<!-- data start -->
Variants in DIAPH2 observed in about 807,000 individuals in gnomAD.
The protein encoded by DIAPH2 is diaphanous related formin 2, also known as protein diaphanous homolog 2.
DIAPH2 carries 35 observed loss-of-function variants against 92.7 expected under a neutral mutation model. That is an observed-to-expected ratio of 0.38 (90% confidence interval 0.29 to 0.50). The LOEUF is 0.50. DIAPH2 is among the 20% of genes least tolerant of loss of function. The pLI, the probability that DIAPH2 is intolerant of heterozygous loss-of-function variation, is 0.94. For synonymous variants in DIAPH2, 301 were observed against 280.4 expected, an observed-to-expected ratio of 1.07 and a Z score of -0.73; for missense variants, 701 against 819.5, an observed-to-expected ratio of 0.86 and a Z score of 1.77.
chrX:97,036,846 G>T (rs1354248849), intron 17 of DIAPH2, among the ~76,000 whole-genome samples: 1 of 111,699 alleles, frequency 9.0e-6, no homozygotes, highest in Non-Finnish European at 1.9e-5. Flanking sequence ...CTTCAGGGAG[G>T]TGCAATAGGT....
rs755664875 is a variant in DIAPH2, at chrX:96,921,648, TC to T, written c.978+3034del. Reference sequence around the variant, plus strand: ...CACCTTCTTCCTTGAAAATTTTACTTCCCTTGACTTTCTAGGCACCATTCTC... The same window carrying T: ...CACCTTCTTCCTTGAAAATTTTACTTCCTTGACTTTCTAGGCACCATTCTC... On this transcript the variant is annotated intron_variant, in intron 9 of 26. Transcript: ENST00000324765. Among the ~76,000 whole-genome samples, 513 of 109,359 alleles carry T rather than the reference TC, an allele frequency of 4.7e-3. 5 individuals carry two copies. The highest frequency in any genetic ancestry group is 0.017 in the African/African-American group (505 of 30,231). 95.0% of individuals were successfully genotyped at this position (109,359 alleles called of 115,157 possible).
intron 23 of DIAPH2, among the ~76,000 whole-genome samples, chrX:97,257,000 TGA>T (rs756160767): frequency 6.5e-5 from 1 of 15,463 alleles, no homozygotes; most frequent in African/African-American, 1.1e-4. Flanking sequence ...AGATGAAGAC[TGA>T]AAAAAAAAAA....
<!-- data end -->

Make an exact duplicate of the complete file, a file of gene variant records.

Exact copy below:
Variants in DIAPH2 observed in about 807,000 individuals in gnomAD.
The protein encoded by DIAPH2 is diaphanous related formin 2, also known as protein diaphanous homolog 2.
DIAPH2 carries 35 observed loss-of-function variants against 92.7 expected under a neutral mutation model. That is an observed-to-expected ratio of 0.38 (90% confidence interval 0.29 to 0.50). The LOEUF is 0.50. DIAPH2 is among the 20% of genes least tolerant of loss of function. The pLI, the probability that DIAPH2 is intolerant of heterozygous loss-of-function variation, is 0.94. For synonymous variants in DIAPH2, 301 were observed against 280.4 expected, an observed-to-expected ratio of 1.07 and a Z score of -0.73; for missense variants, 701 against 819.5, an observed-to-expected ratio of 0.86 and a Z score of 1.77.
chrX:97,036,846 G>T (rs1354248849), intron 17 of DIAPH2, among the ~76,000 whole-genome samples: 1 of 111,699 alleles, frequency 9.0e-6, no homozygotes, highest in Non-Finnish European at 1.9e-5. Flanking sequence ...CTTCAGGGAG[G>T]TGCAATAGGT....
rs755664875 is a variant in DIAPH2, at chrX:96,921,648, TC to T, written c.978+3034del. Reference sequence around the variant, plus strand: ...CACCTTCTTCCTTGAAAATTTTACTTCCCTTGACTTTCTAGGCACCATTCTC... The same window carrying T: ...CACCTTCTTCCTTGAAAATTTTACTTCCTTGACTTTCTAGGCACCATTCTC... On this transcript the variant is annotated intron_variant, in intron 9 of 26. Transcript: ENST00000324765. Among the ~76,000 whole-genome samples, 513 of 109,359 alleles carry T rather than the reference TC, an allele frequency of 4.7e-3. 5 individuals carry two copies. The highest frequency in any genetic ancestry group is 0.017 in the African/African-American group (505 of 30,231). 95.0% of individuals were successfully genotyped at this position (109,359 alleles called of 115,157 possible).
intron 23 of DIAPH2, among the ~76,000 whole-genome samples, chrX:97,257,000 TGA>T (rs756160767): frequency 6.5e-5 from 1 of 15,463 alleles, no homozygotes; most frequent in African/African-American, 1.1e-4. Flanking sequence ...AGATGAAGAC[TGA>T]AAAAAAAAAA....